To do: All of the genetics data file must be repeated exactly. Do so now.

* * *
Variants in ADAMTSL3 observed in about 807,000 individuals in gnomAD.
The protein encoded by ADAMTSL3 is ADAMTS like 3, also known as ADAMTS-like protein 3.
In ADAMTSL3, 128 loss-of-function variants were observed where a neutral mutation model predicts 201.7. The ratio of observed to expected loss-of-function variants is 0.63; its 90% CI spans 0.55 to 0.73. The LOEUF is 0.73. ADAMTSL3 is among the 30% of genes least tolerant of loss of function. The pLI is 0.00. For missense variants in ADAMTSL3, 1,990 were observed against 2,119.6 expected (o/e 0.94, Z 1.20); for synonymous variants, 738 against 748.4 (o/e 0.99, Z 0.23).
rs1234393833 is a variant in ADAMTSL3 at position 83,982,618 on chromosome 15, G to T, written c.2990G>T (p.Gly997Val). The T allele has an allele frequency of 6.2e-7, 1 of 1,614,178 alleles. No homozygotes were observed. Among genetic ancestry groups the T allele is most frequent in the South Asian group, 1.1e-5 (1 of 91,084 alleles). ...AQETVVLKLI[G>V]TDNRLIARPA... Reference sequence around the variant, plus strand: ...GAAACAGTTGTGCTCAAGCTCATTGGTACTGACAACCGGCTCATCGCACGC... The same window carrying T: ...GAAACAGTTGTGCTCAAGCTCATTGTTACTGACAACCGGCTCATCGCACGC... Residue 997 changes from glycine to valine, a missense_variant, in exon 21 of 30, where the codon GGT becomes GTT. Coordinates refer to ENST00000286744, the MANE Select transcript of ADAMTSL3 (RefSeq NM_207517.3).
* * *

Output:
Variants in ADAMTSL3 observed in about 807,000 individuals in gnomAD.
The protein encoded by ADAMTSL3 is ADAMTS like 3, also known as ADAMTS-like protein 3.
In ADAMTSL3, 128 loss-of-function variants were observed where a neutral mutation model predicts 201.7. The ratio of observed to expected loss-of-function variants is 0.63; its 90% CI spans 0.55 to 0.73. The LOEUF is 0.73. ADAMTSL3 is among the 30% of genes least tolerant of loss of function. The pLI is 0.00. For missense variants in ADAMTSL3, 1,990 were observed against 2,119.6 expected (o/e 0.94, Z 1.20); for synonymous variants, 738 against 748.4 (o/e 0.99, Z 0.23).
rs1234393833 is a variant in ADAMTSL3 at position 83,982,618 on chromosome 15, G to T, written c.2990G>T (p.Gly997Val). The T allele has an allele frequency of 6.2e-7, 1 of 1,614,178 alleles. No homozygotes were observed. Among genetic ancestry groups the T allele is most frequent in the South Asian group, 1.1e-5 (1 of 91,084 alleles). ...AQETVVLKLI[G>V]TDNRLIARPA... Reference sequence around the variant, plus strand: ...GAAACAGTTGTGCTCAAGCTCATTGGTACTGACAACCGGCTCATCGCACGC... The same window carrying T: ...GAAACAGTTGTGCTCAAGCTCATTGTTACTGACAACCGGCTCATCGCACGC... Residue 997 changes from glycine to valine, a missense_variant, in exon 21 of 30, where the codon GGT becomes GTT. Coordinates refer to ENST00000286744, the MANE Select transcript of ADAMTSL3 (RefSeq NM_207517.3).